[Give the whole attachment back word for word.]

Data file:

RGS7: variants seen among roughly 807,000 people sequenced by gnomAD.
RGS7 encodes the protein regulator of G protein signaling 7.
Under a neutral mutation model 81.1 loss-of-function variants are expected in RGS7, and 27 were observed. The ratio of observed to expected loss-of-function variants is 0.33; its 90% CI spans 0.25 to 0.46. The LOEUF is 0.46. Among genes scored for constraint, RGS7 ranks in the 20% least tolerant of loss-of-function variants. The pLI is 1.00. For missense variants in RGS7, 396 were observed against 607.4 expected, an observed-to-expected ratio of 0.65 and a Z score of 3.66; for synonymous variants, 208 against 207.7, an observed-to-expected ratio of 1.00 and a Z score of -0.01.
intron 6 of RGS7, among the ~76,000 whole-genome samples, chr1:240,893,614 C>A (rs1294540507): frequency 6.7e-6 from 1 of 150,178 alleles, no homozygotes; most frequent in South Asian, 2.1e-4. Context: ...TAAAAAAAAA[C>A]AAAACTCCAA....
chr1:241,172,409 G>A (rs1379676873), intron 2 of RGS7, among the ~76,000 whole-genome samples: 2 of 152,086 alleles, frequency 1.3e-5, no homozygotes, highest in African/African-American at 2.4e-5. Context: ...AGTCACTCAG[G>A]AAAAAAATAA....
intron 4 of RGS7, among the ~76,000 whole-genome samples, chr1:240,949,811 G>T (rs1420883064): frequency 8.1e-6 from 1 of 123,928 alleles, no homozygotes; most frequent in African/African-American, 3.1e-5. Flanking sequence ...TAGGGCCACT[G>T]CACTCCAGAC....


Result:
RGS7: variants seen among roughly 807,000 people sequenced by gnomAD.
RGS7 encodes the protein regulator of G protein signaling 7.
Under a neutral mutation model 81.1 loss-of-function variants are expected in RGS7, and 27 were observed. The ratio of observed to expected loss-of-function variants is 0.33; its 90% CI spans 0.25 to 0.46. The LOEUF is 0.46. Among genes scored for constraint, RGS7 ranks in the 20% least tolerant of loss-of-function variants. The pLI is 1.00. For missense variants in RGS7, 396 were observed against 607.4 expected, an observed-to-expected ratio of 0.65 and a Z score of 3.66; for synonymous variants, 208 against 207.7, an observed-to-expected ratio of 1.00 and a Z score of -0.01.
intron 6 of RGS7, among the ~76,000 whole-genome samples, chr1:240,893,614 C>A (rs1294540507): frequency 6.7e-6 from 1 of 150,178 alleles, no homozygotes; most frequent in South Asian, 2.1e-4. Context: ...TAAAAAAAAA[C>A]AAAACTCCAA....
chr1:241,172,409 G>A (rs1379676873), intron 2 of RGS7, among the ~76,000 whole-genome samples: 2 of 152,086 alleles, frequency 1.3e-5, no homozygotes, highest in African/African-American at 2.4e-5. Context: ...AGTCACTCAG[G>A]AAAAAAATAA....
intron 4 of RGS7, among the ~76,000 whole-genome samples, chr1:240,949,811 G>T (rs1420883064): frequency 8.1e-6 from 1 of 123,928 alleles, no homozygotes; most frequent in African/African-American, 3.1e-5. Flanking sequence ...TAGGGCCACT[G>T]CACTCCAGAC....